ERIC Number: ED265795
Record Type: RIE
Publication Date: 1985-Nov
Reference Count: 0
Professional Schools in the American University. Comparative Higher Education Research Group. Working Paper #6.
Halpern, Sydney Ann
The structural ambiguity of American professional schools is considered, with attention to the academic branches of business and medicine. Differences in the nature of clinical-academic tensions in business and medical schools are explored, along with the structural sources of these differences. Trends within professional schools during the early twentieth century are identified and compared to arrangements resulting from the institutionalization of professional schools in the late nineteenth century. The recent reemergence of practical professionalization in business schools is linked to changes in contingencies facing American business and to efforts of management schools to remain relevant to the interests of corporations. Changes in medical faculty work roles are also addressed. Consequences of developments within professional schools for letters and science faculty are evaluated. It is noted that changes in academic work roles within the clinical departments of medical schools have been accompanied by heightened tension between medical and letters and science faculties over appointment tracks and tenure. Finally, the the work environment at professional schools is considered, along with possible impacts of employment trends on the nature of knowledge produced by disciplinary subfields. A four-page bibliography is included.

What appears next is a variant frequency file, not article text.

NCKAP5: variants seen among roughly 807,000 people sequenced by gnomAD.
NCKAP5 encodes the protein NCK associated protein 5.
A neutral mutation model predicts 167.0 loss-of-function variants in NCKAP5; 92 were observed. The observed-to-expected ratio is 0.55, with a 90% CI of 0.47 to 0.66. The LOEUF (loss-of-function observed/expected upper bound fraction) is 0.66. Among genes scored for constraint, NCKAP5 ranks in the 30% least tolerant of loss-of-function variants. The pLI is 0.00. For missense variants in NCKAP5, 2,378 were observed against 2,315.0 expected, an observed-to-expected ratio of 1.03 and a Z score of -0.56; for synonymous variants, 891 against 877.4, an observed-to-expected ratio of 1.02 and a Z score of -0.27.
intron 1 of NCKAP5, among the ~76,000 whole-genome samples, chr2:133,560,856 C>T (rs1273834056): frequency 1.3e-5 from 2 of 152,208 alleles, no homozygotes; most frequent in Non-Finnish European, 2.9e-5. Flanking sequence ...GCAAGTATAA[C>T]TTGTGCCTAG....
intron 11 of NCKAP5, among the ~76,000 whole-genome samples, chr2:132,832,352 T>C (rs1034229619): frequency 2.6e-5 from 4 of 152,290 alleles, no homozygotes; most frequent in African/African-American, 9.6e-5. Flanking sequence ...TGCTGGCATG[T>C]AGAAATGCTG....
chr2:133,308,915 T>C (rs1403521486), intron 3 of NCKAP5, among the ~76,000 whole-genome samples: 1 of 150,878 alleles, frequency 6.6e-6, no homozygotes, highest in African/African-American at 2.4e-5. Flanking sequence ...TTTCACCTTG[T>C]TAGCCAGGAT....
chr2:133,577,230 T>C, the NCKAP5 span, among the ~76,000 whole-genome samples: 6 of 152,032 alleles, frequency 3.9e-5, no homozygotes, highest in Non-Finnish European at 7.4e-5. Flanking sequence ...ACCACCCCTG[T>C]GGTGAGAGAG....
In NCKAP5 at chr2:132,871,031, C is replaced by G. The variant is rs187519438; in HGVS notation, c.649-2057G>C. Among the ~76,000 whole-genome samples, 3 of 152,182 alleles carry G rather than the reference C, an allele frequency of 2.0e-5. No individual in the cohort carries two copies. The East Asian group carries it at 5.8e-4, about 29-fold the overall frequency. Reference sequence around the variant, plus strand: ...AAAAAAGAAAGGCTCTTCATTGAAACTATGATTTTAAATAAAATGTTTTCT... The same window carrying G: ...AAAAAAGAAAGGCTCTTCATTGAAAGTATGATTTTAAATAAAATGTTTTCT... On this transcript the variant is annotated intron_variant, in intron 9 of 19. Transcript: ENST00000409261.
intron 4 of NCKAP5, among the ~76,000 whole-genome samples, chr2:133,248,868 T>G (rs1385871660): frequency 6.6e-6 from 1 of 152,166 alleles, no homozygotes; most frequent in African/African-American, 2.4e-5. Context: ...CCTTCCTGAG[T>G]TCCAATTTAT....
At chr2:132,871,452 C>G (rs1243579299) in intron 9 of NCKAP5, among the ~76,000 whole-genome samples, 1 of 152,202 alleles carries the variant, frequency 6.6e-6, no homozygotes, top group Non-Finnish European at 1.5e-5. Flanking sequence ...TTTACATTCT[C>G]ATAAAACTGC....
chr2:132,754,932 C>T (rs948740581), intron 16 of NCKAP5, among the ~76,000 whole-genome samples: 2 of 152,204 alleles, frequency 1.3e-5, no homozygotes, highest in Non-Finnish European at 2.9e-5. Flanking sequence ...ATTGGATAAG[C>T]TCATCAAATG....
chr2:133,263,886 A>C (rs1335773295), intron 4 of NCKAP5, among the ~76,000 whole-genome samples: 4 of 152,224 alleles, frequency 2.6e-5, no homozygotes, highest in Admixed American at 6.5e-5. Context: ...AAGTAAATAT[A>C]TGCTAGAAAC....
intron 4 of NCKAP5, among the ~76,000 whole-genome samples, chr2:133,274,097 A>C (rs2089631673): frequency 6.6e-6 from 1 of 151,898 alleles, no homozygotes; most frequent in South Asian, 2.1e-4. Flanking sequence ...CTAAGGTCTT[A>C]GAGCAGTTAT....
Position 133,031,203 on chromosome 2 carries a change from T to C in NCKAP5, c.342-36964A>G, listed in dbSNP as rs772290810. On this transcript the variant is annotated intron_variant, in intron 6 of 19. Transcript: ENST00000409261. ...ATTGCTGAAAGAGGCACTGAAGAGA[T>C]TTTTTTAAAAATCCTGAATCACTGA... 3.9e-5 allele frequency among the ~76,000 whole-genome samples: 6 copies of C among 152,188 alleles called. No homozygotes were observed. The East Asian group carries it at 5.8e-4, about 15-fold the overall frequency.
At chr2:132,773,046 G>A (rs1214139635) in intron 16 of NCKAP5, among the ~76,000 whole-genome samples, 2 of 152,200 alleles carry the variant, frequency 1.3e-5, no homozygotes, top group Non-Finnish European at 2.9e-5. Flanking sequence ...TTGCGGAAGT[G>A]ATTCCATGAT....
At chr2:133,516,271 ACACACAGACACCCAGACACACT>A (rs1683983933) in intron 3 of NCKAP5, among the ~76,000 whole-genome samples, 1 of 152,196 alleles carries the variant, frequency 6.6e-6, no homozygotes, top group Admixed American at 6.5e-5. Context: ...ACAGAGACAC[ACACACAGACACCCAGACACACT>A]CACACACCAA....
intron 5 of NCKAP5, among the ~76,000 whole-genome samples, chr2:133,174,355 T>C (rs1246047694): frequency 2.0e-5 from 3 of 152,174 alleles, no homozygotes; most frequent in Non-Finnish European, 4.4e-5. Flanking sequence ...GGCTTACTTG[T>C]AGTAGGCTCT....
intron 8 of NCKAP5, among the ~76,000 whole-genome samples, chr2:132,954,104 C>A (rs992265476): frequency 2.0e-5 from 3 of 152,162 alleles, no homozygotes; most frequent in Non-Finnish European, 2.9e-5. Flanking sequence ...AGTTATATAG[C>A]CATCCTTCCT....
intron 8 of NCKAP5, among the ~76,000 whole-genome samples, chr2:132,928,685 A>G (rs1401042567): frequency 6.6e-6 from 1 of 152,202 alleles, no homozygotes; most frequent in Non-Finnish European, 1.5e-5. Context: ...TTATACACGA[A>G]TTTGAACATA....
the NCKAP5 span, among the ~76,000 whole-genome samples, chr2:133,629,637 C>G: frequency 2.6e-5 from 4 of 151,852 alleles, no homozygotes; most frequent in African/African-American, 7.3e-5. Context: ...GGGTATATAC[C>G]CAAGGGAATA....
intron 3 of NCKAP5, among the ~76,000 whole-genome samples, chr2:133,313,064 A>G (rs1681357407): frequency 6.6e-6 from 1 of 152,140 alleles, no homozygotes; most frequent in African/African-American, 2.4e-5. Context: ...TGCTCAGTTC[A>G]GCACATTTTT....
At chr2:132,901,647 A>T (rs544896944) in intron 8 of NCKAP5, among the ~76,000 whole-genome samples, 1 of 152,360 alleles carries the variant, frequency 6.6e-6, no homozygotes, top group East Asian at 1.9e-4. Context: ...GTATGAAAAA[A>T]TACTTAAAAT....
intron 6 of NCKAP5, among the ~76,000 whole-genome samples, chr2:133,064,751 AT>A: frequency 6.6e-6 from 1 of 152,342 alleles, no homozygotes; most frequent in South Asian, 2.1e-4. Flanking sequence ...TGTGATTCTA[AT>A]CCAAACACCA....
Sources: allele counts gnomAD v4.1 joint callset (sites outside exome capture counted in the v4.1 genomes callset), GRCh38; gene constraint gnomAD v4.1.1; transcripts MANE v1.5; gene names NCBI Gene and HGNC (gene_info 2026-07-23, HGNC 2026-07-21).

Descriptors: Business Administration Education, Clinical Teaching (Health Professions), College Faculty, College Instruction, Education Work Relationship, Educational Change, Educational History, Graduate Study, Higher Education, Interprofessional Relationship, Medical School Faculty, Medical Schools, Professional Education, School Business Relationship, Teacher Role, Teaching Conditions, Work Environment
Publication Type: Opinion Papers
Education Level: N/A
Sponsor: EXXON Education Foundation, New York, NY.; Carnegie Foundation for the Advancement of Teaching, Princeton, NJ.
Authoring Institution: California Univ., Los Angeles. Graduate School of Education